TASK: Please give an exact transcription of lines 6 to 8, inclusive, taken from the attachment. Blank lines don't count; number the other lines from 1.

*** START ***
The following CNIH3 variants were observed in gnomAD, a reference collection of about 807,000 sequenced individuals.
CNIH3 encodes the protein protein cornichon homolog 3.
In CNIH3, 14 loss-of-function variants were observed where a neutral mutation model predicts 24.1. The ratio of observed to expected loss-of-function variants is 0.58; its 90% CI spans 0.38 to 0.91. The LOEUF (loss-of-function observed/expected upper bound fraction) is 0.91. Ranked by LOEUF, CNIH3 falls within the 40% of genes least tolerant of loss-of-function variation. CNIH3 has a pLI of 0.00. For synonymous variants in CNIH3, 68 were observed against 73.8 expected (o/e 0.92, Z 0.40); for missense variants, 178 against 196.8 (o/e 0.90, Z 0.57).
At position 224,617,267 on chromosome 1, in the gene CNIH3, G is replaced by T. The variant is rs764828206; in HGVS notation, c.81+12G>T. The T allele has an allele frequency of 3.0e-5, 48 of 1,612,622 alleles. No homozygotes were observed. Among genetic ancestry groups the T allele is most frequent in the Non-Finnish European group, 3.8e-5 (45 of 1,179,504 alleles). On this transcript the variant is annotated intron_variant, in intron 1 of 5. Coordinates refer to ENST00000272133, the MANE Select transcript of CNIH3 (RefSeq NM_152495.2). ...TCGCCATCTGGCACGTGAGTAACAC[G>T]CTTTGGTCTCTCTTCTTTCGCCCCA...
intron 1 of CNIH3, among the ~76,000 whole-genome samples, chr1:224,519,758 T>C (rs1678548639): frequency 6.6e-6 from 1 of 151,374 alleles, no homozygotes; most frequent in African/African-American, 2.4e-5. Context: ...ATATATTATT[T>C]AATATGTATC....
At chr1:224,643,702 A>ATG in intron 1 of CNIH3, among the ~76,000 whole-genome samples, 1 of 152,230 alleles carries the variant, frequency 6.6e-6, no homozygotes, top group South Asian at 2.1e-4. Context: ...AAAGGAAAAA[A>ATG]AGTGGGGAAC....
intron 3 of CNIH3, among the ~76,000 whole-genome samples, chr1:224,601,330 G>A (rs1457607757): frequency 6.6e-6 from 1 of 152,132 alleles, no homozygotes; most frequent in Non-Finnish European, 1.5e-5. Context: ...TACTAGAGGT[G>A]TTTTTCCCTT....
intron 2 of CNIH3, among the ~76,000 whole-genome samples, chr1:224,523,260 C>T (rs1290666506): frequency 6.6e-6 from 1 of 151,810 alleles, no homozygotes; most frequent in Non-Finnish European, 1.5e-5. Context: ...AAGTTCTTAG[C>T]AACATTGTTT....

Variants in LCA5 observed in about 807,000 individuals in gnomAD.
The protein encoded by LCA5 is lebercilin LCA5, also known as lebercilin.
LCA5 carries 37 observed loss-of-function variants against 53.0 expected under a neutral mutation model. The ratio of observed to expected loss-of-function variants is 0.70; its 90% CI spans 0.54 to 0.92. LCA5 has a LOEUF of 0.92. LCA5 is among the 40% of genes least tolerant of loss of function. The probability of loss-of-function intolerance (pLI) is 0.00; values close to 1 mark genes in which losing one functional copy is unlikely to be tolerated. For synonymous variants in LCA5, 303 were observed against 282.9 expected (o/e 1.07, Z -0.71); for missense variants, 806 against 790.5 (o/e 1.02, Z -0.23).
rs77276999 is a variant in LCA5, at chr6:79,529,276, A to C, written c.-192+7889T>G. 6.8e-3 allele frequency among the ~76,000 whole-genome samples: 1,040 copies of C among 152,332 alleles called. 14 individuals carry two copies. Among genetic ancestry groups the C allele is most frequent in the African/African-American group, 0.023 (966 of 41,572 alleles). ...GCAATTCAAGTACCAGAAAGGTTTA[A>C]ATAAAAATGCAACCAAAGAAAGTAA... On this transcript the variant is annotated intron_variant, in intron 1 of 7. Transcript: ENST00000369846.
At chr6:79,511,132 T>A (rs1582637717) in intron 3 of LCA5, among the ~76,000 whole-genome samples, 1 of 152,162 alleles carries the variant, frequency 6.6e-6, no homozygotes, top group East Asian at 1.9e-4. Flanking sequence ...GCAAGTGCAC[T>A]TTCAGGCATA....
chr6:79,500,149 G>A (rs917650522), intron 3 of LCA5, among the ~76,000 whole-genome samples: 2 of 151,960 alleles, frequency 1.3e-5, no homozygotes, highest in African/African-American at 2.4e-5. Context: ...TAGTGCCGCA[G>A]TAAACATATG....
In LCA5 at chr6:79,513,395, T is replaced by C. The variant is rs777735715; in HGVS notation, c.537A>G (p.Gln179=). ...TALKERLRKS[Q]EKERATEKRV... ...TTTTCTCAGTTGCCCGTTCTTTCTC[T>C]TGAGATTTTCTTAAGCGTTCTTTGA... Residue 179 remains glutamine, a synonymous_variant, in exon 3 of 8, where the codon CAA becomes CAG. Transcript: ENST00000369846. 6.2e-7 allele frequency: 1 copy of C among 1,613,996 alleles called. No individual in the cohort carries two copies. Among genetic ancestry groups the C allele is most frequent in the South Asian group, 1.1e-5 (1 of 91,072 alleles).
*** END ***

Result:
At chr1:224,643,702 A>ATG in intron 1 of CNIH3, among the ~76,000 whole-genome samples, 1 of 152,230 alleles carries the variant, frequency 6.6e-6, no homozygotes, top group South Asian at 2.1e-4. Context: ...AAAGGAAAAA[A>ATG]AGTGGGGAAC....
intron 3 of CNIH3, among the ~76,000 whole-genome samples, chr1:224,601,330 G>A (rs1457607757): frequency 6.6e-6 from 1 of 152,132 alleles, no homozygotes; most frequent in Non-Finnish European, 1.5e-5. Context: ...TACTAGAGGT[G>A]TTTTTCCCTT....
intron 2 of CNIH3, among the ~76,000 whole-genome samples, chr1:224,523,260 C>T (rs1290666506): frequency 6.6e-6 from 1 of 151,810 alleles, no homozygotes; most frequent in Non-Finnish European, 1.5e-5. Context: ...AAGTTCTTAG[C>T]AACATTGTTT....